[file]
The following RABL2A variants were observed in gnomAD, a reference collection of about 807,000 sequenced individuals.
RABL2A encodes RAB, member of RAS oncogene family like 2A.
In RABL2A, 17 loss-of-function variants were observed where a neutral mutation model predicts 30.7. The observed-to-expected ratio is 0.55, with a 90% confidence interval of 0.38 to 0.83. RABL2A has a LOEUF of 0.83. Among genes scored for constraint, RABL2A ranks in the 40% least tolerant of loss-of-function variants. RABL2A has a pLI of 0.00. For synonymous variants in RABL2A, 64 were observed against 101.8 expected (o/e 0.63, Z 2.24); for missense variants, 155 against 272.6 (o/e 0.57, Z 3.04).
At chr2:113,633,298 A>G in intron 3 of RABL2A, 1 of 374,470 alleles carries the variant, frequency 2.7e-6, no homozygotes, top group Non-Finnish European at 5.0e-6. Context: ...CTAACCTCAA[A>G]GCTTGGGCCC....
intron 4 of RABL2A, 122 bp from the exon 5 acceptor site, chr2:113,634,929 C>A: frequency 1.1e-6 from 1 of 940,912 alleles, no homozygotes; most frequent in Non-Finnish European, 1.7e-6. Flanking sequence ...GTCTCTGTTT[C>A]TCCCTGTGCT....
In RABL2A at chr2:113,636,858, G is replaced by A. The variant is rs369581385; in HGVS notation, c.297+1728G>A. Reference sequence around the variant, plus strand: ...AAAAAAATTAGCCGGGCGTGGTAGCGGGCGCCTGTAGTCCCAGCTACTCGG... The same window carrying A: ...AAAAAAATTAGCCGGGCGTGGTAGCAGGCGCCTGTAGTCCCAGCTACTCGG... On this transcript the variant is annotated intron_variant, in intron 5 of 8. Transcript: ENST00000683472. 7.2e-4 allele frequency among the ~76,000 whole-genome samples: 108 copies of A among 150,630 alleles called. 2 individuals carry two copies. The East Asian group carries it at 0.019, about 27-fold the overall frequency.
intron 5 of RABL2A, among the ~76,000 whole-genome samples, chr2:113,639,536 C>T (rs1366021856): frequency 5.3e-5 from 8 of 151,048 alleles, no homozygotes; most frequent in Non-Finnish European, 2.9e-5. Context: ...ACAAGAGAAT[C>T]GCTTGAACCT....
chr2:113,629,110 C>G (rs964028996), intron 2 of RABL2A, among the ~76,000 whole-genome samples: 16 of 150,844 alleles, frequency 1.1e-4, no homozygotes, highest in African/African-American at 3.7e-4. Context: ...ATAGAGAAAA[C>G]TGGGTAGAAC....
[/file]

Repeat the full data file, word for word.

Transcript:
The following RABL2A variants were observed in gnomAD, a reference collection of about 807,000 sequenced individuals.
RABL2A encodes RAB, member of RAS oncogene family like 2A.
In RABL2A, 17 loss-of-function variants were observed where a neutral mutation model predicts 30.7. The observed-to-expected ratio is 0.55, with a 90% confidence interval of 0.38 to 0.83. RABL2A has a LOEUF of 0.83. Among genes scored for constraint, RABL2A ranks in the 40% least tolerant of loss-of-function variants. RABL2A has a pLI of 0.00. For synonymous variants in RABL2A, 64 were observed against 101.8 expected (o/e 0.63, Z 2.24); for missense variants, 155 against 272.6 (o/e 0.57, Z 3.04).
At chr2:113,633,298 A>G in intron 3 of RABL2A, 1 of 374,470 alleles carries the variant, frequency 2.7e-6, no homozygotes, top group Non-Finnish European at 5.0e-6. Context: ...CTAACCTCAA[A>G]GCTTGGGCCC....
intron 4 of RABL2A, 122 bp from the exon 5 acceptor site, chr2:113,634,929 C>A: frequency 1.1e-6 from 1 of 940,912 alleles, no homozygotes; most frequent in Non-Finnish European, 1.7e-6. Flanking sequence ...GTCTCTGTTT[C>A]TCCCTGTGCT....
In RABL2A at chr2:113,636,858, G is replaced by A. The variant is rs369581385; in HGVS notation, c.297+1728G>A. Reference sequence around the variant, plus strand: ...AAAAAAATTAGCCGGGCGTGGTAGCGGGCGCCTGTAGTCCCAGCTACTCGG... The same window carrying A: ...AAAAAAATTAGCCGGGCGTGGTAGCAGGCGCCTGTAGTCCCAGCTACTCGG... On this transcript the variant is annotated intron_variant, in intron 5 of 8. Transcript: ENST00000683472. 7.2e-4 allele frequency among the ~76,000 whole-genome samples: 108 copies of A among 150,630 alleles called. 2 individuals carry two copies. The East Asian group carries it at 0.019, about 27-fold the overall frequency.
intron 5 of RABL2A, among the ~76,000 whole-genome samples, chr2:113,639,536 C>T (rs1366021856): frequency 5.3e-5 from 8 of 151,048 alleles, no homozygotes; most frequent in Non-Finnish European, 2.9e-5. Context: ...ACAAGAGAAT[C>T]GCTTGAACCT....
chr2:113,629,110 C>G (rs964028996), intron 2 of RABL2A, among the ~76,000 whole-genome samples: 16 of 150,844 alleles, frequency 1.1e-4, no homozygotes, highest in African/African-American at 3.7e-4. Context: ...ATAGAGAAAA[C>G]TGGGTAGAAC....